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Doug Ayen

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Glass. . . [Jan. 31st, 2006|08:49 pm]
Doug Ayen
Along with celtic_anyaI took a one-day "Introduction to Glassblowing" course over at Glen Echo Park ( http://www.glenechopark.org ) last Saturday. The class was taught by Rick Sherbert, ( http://www.ricksherbertglass.com ), and it was a lot of fun.

The day started off the way most workshops (including my own) do: a lecture on safety. Of note was Rick's comment to the effect that, yeah, if you keep practicing a craft that involves sharp pointy bits and lots of heat, eventually you'll get hurt.

After the safety lecture, and an overview of the tools and processes, Rick demonstrated the basics of glassblowing: getting a gather of glass, initial shaping, starting the initial bubble, keeping the pipes and punties moving at all times to keep the glass from slumping off center, secondary gathers, shaping the initial blob, finishing the blowing, attaching to the punty and breaking off the blowpipe, opening up the bubble, and the final shaping, then breaking it off the punty and letting it cool in the annealing oven.

After lunch, we got our turns to make some cups. I went first, with Rick doing the initial gather and handing it off for me to do the shaping and blowing. Keeping the glass on-center turned out to be the hardest part -- as you'd expect from a syrupy liquid, it kept flowing down. The initial shaping went quick, as did the first blowing: hard to start, then suddenly all too easy. Rick took over for the 2nd gather once the bubble was formed and the main mass of glass had cooled off a bit. For decoration, we rolled the clear-glass base into some granular pigmented glass -- I got a light blue -- then continued with blowing, shaping, etc. The only real problem I ran into was at the 'knock it off the punty" stage -- there was some woven fiberglass insulation on the place where we were knocking the glass onto, and some loose strands of fiber got onto my cup.

The others then took their turns, and Rick asked me to act as his assistant as I was already familiar with working with hot tools. That translated into hauling hot blowpipes away once the other students were done with them, holding a heat shield in place for the others so they didn't get burnt (Rick had done it for me so I knew where to hold it) as well as using the paddle to form a lip on the other student's work, and opening/closing the annealing kiln as the other work was finished. Two students got mild burns, but not on the arms I was shielding.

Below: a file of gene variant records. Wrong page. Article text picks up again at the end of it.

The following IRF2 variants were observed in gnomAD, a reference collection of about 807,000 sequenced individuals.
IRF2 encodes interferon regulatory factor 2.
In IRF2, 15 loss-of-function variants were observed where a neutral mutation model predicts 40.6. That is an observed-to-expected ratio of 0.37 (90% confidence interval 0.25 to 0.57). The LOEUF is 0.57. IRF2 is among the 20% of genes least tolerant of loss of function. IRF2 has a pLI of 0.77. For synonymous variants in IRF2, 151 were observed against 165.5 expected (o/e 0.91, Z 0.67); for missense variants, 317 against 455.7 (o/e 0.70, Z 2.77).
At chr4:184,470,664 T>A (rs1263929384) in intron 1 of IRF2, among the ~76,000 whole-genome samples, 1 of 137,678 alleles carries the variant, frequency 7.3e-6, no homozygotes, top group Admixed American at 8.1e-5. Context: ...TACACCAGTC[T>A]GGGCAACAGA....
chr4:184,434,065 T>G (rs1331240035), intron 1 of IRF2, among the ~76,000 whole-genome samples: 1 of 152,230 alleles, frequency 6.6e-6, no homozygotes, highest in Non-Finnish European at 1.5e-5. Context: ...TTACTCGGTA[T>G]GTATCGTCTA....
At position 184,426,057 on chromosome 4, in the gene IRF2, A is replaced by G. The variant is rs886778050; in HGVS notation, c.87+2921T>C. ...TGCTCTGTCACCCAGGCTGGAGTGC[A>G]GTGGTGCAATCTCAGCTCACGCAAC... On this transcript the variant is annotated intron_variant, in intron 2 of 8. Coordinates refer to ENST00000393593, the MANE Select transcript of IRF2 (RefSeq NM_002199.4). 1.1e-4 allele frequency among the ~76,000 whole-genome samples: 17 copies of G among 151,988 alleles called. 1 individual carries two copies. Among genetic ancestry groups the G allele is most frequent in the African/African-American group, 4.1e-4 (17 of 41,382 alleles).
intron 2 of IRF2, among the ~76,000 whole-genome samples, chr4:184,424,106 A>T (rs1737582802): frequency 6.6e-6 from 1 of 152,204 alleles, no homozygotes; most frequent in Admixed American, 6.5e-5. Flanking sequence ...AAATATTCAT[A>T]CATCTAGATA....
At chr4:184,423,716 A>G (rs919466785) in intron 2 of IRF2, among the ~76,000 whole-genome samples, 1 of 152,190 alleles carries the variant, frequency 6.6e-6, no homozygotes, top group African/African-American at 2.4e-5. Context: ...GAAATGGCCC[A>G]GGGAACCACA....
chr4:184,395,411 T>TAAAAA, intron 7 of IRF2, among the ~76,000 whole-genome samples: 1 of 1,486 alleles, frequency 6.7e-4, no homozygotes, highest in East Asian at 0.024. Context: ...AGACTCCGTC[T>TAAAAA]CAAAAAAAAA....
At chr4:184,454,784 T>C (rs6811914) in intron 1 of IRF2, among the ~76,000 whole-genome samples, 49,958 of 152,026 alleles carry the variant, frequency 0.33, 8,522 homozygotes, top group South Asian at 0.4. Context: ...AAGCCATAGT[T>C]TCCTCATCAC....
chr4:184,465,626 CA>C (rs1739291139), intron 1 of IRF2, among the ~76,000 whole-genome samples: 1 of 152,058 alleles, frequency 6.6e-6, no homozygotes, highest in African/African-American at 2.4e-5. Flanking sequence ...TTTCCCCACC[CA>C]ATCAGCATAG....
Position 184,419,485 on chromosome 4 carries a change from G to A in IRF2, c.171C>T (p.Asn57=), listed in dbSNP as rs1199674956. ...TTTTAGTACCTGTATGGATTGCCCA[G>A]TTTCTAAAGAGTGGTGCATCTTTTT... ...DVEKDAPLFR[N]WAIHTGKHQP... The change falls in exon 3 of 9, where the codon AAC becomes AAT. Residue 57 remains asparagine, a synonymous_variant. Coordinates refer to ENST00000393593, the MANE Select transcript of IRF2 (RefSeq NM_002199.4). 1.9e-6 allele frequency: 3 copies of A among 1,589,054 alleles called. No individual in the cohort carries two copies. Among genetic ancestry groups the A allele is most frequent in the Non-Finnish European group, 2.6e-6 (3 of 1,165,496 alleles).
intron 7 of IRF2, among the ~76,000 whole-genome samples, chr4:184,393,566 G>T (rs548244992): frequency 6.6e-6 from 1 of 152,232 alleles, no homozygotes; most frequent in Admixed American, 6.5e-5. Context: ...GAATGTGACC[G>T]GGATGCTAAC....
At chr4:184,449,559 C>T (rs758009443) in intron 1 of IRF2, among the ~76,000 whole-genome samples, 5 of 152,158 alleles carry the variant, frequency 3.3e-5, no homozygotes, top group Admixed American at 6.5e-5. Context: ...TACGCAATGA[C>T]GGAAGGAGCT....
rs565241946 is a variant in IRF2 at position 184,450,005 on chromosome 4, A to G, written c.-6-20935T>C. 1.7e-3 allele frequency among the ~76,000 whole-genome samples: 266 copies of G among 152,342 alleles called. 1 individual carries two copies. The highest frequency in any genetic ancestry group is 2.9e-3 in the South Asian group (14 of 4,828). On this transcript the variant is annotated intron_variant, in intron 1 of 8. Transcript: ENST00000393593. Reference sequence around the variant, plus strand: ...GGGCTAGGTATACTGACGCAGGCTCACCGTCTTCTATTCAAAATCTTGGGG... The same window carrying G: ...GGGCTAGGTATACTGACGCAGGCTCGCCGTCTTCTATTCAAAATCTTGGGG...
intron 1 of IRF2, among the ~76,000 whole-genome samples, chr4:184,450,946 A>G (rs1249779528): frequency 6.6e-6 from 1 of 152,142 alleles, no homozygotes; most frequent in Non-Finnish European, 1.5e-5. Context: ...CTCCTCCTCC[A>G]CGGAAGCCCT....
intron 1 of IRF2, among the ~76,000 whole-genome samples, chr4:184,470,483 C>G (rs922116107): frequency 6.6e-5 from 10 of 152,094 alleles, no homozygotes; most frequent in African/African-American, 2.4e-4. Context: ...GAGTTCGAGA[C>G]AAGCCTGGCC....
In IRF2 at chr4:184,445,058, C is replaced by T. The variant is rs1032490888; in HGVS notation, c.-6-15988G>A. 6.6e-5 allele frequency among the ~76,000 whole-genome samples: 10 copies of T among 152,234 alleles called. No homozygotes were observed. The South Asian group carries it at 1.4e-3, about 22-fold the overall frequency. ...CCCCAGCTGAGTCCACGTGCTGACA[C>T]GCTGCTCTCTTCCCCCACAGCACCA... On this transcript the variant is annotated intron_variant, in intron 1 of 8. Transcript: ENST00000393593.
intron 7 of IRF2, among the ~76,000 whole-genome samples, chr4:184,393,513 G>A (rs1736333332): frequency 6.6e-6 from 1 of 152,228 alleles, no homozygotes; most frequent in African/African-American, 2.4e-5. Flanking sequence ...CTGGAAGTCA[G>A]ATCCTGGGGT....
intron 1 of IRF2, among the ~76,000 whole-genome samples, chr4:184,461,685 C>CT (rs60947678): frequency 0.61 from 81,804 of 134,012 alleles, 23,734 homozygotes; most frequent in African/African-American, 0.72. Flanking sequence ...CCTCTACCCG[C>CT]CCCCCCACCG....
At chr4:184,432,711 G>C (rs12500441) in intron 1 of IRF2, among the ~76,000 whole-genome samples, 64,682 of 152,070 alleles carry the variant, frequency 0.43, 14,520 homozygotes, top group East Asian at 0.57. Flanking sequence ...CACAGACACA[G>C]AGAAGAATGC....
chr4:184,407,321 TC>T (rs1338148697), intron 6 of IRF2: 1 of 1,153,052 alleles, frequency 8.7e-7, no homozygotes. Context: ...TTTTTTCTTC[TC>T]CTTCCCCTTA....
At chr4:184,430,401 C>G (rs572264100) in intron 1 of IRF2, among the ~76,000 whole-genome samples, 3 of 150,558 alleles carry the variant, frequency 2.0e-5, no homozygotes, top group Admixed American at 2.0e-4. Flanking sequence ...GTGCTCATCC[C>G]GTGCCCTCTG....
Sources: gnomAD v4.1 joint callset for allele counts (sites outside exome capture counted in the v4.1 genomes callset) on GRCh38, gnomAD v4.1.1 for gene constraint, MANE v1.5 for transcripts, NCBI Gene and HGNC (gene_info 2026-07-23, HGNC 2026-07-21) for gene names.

While I meant to pick up the glass on the way into work, so far I been unable to. I'll probably not post a picture unless folk really want to see it, as it definitely looks like someone's first effort. :)

While I won't be picking up a new hobby, I did enjoy myself, and encourage others in the area to take advantage of the class if only for the experience.

--doug
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Comments:
[User Picture]From: mangosteen
2006-02-01 02:32 am (UTC)
Of note was Rick's comment to the effect that, yeah, if you keep practicing a craft that involves sharp pointy bits and lots of heat, eventually you'll get hurt.

Sigh. Thing is, I'm so averse to getting cut (for no other reason than "don't like unnecessarily bleeding") that the moment that I think I'm in any danger of getting cut, my first reaction is to jump back and quickly lift my hands away from whatever I'm doing. This is not so useful in the kitchen, or with any other hobby involving sharp pointy bits and lots of heat.
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[User Picture]From: corivax
2006-02-01 02:48 am (UTC)
Did they show you Prince Rupert's Drops? I think, given all your metalwork, you'd be very amused by that.
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[User Picture]From: blackanvil
2006-02-01 02:34 pm (UTC)

Prince Rupert's Drops

Nope, though i've fiddled with them on my own. good example of non-linear behavior.
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[User Picture]From: goldilocks_va
2006-02-08 10:38 pm (UTC)

Quick question

A woman in the SCA choir I sing with was telling me that her daughter's boyfriend attended a class last weekend as part of SCA college. It was a blacksmithing class and he was so excited because the guy teaching the class said, "Your barony does not have a blacksmith." And with that he gave him a forge and said, "You take this and become the blacksmith for your Barony."

It was a "pay it forward" kind of thing. The instructor said someone had given it to him, and now he was going to do the same for someone else. The kid, who is eighteen, was delighted and was ecstatic with this being the first SCA class he has ever attended.

My question --> Can I pass your LJ and possibly your email on to them? I think he would be really interested in what ever workshops you have in the future?
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